"1. That the judgment is not sustained by sufficient evidence and is contrary to law.

"2. Error of law occurring at the trial and excepted to by the defendant Jean Logan.

"3. Error of the court in overruling the demurrer of the defendant, Jean Logan, to the evidence of plaintiff."

¶5 Thus it will be seen that the only general ground for a new trial set forth in defendant's motion therefor was the second one, to wit: "Error of law occurring at the trial. . ." The court's alleged error in overruling the motion to make more definite and certain was not an error "occurring at the trial'' (Belcher v. Spohn, 170 Okla. 139, 39 P 2d 87), and it is well settled that an alleged error not called to the triad court's attention in a motion for a new trial will not be reviewed on appeal In this connection, see Hurt v. Garrison, 192 Okla. 66, 133 P.2d 547; Brooks Packing Co. v. Eastman Laboratories 187 Okla. 344, 103 P.2d 93; Altus v Tinsley, 185 Okla. 602, 95 P.2d 635 Coakley v. Phelan, 179 Okla. 515, 66 P 2d 19; Nease v. National Bank of Commerce, 174 Okla. 270, 50 P.2d 312 Bilby v. Gibson, 133 Okla. 196, 271 P 1026; Akin v. Bonfils, 47 Okla. 492, 150 P. 194; O'Neil v. James, 40 Okla. 661 140 P. 141; Haynes v. Smith, 29 Okla 703, 119 P. 246.

¶6 The defendant also contends that the court erred in overruling her demurrer to plaintiff's evidence, but as she failed to stand on said demurrer and proceeded with the introduction of evidence after said ruling, any error the trial judge may have committed in that particular will not be considered ground for reversal, if the evidence as a whole sustains the judgment. See Merchants' Transfer & Storage Co. v. Ft. Smith Couch & Bedding Co., 105 Okla. 195, 232 P. 79; Kali Inla Coal Co. v. Ghinelli, 55 Okla. 289, 155 P. 606; Porter v. Wilson, 39 Okla. 500, 135 P. 732; Meyer v. White, 27 Okla. 400, 112 P. 1005.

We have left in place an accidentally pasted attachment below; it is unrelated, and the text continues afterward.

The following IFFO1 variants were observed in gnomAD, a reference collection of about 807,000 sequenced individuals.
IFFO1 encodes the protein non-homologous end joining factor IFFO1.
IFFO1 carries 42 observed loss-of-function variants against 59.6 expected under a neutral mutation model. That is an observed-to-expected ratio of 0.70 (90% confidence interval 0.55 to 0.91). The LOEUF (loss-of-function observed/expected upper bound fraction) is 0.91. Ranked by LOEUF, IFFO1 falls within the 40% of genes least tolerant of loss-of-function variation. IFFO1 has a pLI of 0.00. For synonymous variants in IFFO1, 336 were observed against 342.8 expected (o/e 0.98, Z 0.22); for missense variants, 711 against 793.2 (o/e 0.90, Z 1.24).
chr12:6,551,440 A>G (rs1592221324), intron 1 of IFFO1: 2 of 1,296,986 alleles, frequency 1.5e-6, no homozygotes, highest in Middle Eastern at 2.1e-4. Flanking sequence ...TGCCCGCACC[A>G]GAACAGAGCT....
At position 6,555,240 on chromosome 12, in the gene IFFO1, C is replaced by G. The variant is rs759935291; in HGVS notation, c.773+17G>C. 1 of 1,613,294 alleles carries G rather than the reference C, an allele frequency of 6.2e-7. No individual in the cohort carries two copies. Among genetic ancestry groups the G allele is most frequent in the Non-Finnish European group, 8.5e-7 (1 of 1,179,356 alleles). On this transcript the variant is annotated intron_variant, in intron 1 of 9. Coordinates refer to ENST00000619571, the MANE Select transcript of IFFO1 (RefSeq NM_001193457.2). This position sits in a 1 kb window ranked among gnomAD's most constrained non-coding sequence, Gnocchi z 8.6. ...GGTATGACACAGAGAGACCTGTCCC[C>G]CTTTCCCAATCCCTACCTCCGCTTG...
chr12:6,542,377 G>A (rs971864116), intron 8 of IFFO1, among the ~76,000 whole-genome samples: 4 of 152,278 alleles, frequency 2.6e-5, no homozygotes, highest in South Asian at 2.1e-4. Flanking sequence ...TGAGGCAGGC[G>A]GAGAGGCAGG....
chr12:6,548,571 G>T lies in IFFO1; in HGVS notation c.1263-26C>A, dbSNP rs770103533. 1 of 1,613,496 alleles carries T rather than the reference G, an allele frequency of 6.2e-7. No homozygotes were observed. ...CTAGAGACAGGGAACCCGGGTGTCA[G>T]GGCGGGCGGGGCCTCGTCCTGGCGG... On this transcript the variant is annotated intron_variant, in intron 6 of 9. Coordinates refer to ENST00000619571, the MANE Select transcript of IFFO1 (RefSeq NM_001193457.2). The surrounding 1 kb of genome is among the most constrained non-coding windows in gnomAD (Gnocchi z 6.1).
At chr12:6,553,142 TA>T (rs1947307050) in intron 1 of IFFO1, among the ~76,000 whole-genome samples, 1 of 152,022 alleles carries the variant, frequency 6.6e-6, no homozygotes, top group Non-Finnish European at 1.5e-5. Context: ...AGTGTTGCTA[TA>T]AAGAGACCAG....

¶7 Defendant also assigns as error the trial court's action in allowing one of the witnesses to testify that she is "temperamental." Her counsel objected to this testimony on the ground that it was a mere conclusion of the witness and now makes the bare assertion that it was inadmissible, without setting forth supporting argument or authorities. Therefore, the contention will not be dealt with any further than to say that if such admission was error, in our opinion it was harmless, as the record discloses evidence of said defendant's conduct that might indicate the same trait and it does not affirmatively appear that the trial judge's decision was influenced by said witness's opinion. See Gilliland v. Snedden, 195 Okla. 601, 159 P.2d 734; Wistar v. Whitewing, 189 Okla. 292, 116 P.2d 565; Mid-Continent Petroleum Corp. v. Fisher, 183 Okla. 638, 84 P.2d 22; Stow v. Bruce, 178 Okla. 127, 61 P.2d 1043; Oskison v. Bagby, 172 Okla. 569, 46 P.2d 331; also Jones v. Denton, 192 Okla. 234, 135 P.2d 53; First Nat. Bank in Tonkawa v. Beatty, 172 Okla. 47, 45 P.2d 158.

¶8 Defendant's principal contention is that the trial court's judgment is not sustained by sufficient evidence and is contrary to law in two particulars. This is said to be true, first of its failure to grant defendant recovery from J. E. Logan of the $220.39 he withdrew from the plaintiff's and defendant's joint bank account on the check mailed him by plaintiff. As hereinbefore shown, a portion of the proceeds of this check was expended for court costs and defendant's attorney fee. The evidence discloses that the remainder of said proceeds was remitted to plaintiff by his father. Counsel calls our attention to evidence indicating that something like $20 of this sum was what remained in the account from earnings and government allotment checks defendant had deposited, but he fails to show wherein the judgment was contrary to law in failing to award this money to defendant. The evidence reveals that $200 deposited in said account by plaintiff before he went into the Marines represented the proceeds of the sale of his automobile. The defendant sought no alimony and testified she desired none. The judgment awarded her all of the property, both personal and real, that she and her husband were shown to have owned, except this money in the bank, and granted her $30 per month for child support during the months that the child was to be with her. The evidence showed that the property was worth several times the amount of money in the account. We know of no law or rule that would necessitate awarding her a larger portion of the parties' joint property than she received. There is no definite or arbitrary amount to which a wife is entitled. This court has said that in arriving at a just division of such property, consideration should be given the husband's financial status as well as the wife's necessities. Reed v. Reed, 182 Okla. 149, 77 P.2d 30. The division should be fair and equitable (Van Horn v. Van Horn, 189 Okla. 624, 119 P.2d 825), but not necessarily equal, and great latitude is allowed the trial judge in exercising his discretion in the matter. Hughes v. Hughes, 177 Okla. 614, 61 P.2d 556; Tobin v. Tobin, 89 Okla. 12, 213 P. 884. We cannot say the trial court abused its discretion in this instance merely because it failed to award defendant the money in question in addition to all the rest of the property.